confer on

confer (up)on (someone or something)

1. To discuss something with someone. We need to meet this afternoon and confer on the candidates we've interviewed so far. Your mother and I need to confer on this issue before we make a decision.
2. To bestow something, often a title or honor, on someone. In this usage, a noun or pronoun is often used between "confer" and "on," and "upon" can be used in place of "on." The queen will confer an official title upon him at the ceremony tonight.
See also: confer

confer something (up)on someone

to grant something, such as an academic degree, to someone, usually in a ceremony. (Upon is more formal than on.) The university conferred an honorary degree upon her. They conferred degrees on 300 graduates this year.
See also: confer, on

confer on someone or something (with someone)

 and confer (on someone or something) with someone; confer with someone (about someone or something); confer (with someone) about someone or something
to discuss someone or something. Let us confer on this matter with the headmaster. I want to confer with you on how to handle the problem. I need to confer with you about Walter.
See also: confer, on
References in classic literature ?
My Dear Sir: Harvard University desired to confer on you at the approaching Commencement an honorary degree; but it is our custom to confer degrees only on gentlemen who are present.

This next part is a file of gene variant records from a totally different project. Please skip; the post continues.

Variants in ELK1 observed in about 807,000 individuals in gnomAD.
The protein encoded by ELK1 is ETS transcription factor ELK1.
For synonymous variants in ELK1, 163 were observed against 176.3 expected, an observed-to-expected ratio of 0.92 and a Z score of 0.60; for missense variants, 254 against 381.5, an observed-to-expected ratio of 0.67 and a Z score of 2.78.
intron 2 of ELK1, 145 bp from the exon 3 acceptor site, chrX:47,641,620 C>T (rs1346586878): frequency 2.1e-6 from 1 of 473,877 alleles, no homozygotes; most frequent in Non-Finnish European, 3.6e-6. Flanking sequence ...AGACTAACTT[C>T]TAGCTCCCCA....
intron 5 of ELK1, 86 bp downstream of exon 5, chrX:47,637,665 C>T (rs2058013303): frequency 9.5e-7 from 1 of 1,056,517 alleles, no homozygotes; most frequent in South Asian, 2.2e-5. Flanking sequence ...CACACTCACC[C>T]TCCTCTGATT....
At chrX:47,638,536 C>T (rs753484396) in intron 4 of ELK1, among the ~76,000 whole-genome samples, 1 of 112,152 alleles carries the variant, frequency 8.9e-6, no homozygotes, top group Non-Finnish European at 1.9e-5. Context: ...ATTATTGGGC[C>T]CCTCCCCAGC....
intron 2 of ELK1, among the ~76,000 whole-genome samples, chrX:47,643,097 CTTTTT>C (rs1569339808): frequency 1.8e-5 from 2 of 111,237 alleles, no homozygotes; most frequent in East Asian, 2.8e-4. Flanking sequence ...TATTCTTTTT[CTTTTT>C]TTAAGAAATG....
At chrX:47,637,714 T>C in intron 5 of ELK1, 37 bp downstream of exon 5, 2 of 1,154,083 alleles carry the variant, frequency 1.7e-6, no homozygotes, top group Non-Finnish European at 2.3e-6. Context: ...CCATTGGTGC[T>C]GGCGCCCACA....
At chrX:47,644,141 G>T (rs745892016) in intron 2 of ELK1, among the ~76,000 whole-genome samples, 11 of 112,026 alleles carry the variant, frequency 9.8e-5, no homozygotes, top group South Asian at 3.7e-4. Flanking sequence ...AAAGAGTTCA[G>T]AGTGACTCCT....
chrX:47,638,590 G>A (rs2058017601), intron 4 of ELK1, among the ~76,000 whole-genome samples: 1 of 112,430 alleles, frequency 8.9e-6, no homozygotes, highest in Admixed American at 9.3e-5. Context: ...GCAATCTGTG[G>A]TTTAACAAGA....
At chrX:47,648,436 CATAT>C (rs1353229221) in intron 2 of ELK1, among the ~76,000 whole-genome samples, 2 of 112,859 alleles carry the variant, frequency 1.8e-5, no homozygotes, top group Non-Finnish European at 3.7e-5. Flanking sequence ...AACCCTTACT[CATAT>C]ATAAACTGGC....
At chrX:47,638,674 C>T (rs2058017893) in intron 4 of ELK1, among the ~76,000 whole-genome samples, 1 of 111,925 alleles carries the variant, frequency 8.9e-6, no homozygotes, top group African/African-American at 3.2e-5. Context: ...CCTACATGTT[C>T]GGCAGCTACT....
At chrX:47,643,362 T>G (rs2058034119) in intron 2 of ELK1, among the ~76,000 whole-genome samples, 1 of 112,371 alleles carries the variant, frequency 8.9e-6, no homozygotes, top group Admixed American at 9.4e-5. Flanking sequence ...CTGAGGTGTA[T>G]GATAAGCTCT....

He appeals to the world-famed hospitality of Athens and hints at the blessings that his coming will confer on the State.
It was precisely to confer on that matter with Dona Rita that Captain Blunt had been despatched from Headquarters.
But supposing all these conjectures to be false, you cannot contest the inestimable benefit which I shall confer on all mankind, to the last generation, by discovering a passage near the pole to those countries, to reach which at present so many months are requisite; or by ascertaining the secret of the magnet, which, if at all possible, can only be effected by an undertaking such as mine.
In recognition, John Carter," he said, "of your remarkable courage and skill in defending the person of the cousin of the jeddak Than Kosis and, singlehanded, vanquishing three green warriors, it is the pleasure of our jeddak to confer on you the mark of his esteem.